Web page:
,
      • Wood J.W.
      • Keehn R.J.
      • Kawamoto S.
      • Johnson K.G.
      The growth and development of children exposed in utero to the atomic bombs in Hiroshima and Nagasaki.
      ,
      • Wood J.W.
      • Johnson K.G.
      • Omori Y.
      • Kawamoto S.
      • Keehn R.J.
      Mental retardation in children exposed in utero to the atomic bombs in Hiroshima and Nagasaki.
      ,
      • Yoshimaru H.
      • Otake M.
      • Schull W.J.
      • Funamoto S.
      Further observations on abnormal brain development caused by prenatal A-bomb exposure to ionizing radiation.
      ,
      • Dekaban A.S.
      Abnormalities in children exposed to x-radiation during various stages of gestation: tentative timetable of radiation injury to the human fetus. I.
      ,
      • Doll E.A.
      • Murphy D.P.
      A CASE OF MICROCEPHALY FOLLOWING EMBRYONIC ROENTGEN IRRADIATION.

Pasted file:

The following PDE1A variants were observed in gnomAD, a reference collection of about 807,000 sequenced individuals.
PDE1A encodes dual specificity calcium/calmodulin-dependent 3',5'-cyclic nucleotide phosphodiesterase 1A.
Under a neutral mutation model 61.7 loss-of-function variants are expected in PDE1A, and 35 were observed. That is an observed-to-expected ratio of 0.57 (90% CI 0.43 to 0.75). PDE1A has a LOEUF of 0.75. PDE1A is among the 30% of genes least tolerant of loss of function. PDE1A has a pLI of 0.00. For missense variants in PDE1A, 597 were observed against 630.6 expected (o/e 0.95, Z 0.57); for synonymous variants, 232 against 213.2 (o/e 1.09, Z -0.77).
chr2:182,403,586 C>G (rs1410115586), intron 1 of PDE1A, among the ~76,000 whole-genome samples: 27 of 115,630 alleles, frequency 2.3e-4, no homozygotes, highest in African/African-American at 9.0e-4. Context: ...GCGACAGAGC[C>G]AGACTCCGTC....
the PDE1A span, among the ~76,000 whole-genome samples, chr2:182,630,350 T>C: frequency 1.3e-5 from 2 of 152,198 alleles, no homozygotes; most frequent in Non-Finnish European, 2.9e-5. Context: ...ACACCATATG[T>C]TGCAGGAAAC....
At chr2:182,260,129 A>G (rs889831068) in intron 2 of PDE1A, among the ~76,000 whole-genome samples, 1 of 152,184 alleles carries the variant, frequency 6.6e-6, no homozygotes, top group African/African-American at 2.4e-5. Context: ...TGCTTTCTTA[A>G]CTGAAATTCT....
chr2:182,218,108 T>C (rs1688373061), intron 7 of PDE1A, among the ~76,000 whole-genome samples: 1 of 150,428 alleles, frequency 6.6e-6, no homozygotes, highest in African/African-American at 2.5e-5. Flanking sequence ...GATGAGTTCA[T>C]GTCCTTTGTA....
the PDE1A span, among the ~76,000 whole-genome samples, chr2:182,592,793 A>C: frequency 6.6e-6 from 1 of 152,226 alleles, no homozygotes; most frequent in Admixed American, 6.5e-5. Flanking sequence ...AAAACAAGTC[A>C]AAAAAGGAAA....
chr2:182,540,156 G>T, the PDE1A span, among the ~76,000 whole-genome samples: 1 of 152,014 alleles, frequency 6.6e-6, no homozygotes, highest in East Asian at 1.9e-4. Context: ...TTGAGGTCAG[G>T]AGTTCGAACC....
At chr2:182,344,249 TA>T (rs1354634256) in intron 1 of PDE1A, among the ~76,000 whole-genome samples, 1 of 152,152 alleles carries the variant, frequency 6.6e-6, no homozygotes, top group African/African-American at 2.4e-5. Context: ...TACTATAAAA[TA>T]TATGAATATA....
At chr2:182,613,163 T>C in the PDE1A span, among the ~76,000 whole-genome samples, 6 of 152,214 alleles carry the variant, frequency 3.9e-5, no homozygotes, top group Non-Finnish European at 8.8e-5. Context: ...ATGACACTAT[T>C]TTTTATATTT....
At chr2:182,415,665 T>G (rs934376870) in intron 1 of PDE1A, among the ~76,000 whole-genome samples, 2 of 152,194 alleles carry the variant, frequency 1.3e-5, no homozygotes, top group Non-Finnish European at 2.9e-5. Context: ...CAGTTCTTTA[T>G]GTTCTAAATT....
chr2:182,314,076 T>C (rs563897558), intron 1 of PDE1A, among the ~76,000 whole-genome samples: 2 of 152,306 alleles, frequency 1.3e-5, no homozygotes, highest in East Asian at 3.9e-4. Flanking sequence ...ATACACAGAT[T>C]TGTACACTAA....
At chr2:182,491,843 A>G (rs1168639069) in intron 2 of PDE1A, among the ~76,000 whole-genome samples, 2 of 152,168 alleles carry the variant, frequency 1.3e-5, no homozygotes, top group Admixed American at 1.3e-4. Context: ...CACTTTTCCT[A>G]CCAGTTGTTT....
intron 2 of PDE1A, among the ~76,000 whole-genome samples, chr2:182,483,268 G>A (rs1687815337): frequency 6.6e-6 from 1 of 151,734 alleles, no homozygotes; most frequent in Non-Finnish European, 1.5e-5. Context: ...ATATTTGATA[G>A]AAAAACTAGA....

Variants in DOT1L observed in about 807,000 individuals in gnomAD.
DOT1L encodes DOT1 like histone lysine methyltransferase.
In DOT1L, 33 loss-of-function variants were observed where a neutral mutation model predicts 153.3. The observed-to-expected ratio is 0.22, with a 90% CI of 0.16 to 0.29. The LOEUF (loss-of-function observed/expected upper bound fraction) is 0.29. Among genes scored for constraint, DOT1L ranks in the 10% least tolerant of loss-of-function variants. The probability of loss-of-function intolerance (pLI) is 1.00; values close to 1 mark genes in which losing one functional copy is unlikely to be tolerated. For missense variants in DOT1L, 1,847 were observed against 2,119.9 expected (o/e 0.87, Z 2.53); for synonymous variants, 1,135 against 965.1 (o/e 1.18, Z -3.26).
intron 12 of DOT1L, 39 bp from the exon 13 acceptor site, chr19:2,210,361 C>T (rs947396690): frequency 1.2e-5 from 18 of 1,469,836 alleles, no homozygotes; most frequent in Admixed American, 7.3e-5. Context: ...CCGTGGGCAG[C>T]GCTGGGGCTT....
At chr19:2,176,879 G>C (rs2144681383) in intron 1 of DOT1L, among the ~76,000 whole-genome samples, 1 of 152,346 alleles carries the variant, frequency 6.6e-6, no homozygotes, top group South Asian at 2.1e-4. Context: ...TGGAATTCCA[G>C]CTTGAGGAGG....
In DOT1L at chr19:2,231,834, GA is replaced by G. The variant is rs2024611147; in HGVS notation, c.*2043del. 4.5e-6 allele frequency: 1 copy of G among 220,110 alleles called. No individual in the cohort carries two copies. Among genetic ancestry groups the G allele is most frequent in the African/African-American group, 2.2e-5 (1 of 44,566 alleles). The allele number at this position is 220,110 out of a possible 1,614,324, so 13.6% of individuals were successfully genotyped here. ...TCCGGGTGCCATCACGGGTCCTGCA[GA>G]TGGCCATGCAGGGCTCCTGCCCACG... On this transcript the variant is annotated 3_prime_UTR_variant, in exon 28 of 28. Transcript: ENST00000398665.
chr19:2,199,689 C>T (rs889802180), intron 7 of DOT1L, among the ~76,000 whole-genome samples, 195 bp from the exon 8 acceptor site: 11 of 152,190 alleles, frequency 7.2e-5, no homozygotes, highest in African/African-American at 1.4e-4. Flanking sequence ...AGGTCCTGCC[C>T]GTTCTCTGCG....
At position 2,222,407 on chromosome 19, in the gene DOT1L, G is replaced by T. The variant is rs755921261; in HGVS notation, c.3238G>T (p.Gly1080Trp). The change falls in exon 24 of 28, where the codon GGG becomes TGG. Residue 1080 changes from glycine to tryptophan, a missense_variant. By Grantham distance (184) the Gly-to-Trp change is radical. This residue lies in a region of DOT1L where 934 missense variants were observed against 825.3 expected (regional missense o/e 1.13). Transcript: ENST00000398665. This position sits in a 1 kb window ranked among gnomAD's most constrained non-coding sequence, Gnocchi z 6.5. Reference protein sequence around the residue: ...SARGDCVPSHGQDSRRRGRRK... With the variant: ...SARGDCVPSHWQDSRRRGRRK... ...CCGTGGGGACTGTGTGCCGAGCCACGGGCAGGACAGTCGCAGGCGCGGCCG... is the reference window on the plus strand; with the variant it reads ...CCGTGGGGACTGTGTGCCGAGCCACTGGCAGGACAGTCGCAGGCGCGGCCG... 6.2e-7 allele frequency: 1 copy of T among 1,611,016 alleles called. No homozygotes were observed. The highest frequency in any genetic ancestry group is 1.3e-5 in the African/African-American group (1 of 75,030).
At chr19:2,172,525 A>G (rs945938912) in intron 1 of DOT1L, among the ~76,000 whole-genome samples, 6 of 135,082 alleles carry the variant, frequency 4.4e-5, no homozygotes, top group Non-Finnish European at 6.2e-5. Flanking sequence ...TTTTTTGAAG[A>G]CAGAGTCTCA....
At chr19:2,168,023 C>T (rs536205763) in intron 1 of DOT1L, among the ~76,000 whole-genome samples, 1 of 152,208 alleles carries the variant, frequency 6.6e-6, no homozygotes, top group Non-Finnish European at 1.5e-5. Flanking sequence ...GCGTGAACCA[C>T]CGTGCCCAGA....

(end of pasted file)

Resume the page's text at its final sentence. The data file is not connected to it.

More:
,
      • Goldstein L.
      • Murphy D.P.
      Amenorrhea during serial roentgen exposures due to intervening pregnancy.
      ,
      • Goldstein L.
      • Murphy D.P.
      Microcephalic idiocy following radium therapy for uterine cancer during pregnancy.
      ,
      • Goldstein L.
      • Murphy D.P.
      Etiology of ill-health in children born after maternal pelvic irradiation. II. Defective children born after postconception pelvic irradiation.
      ,
      • Mayer M.D.
      • Harris W.
      • Wimpfheimer S.
      Therapeutic abortion by means of X-Ray**Read at a meeting of the New York Obstetrical Society, May 12, 1936.
      ,
      • Miller R.W.
      Discussion: severe mental retardation and cancer among atomic bomb survivors exposed in utero.
      ,

      Miller RW. Delayed radiation effects in atomic-bomb survivors. Major observations by the Atomic Bomb Casualty Commission are evaluated. Science (New York, N.Y.) 166, 569–74 (1969).

      ]. Studies on the effects of acute irradiation in developing embryo or fetus were conducted on children who were exposed to radiation in utero from the atomic bombing of Hiroshima and Nagasaki [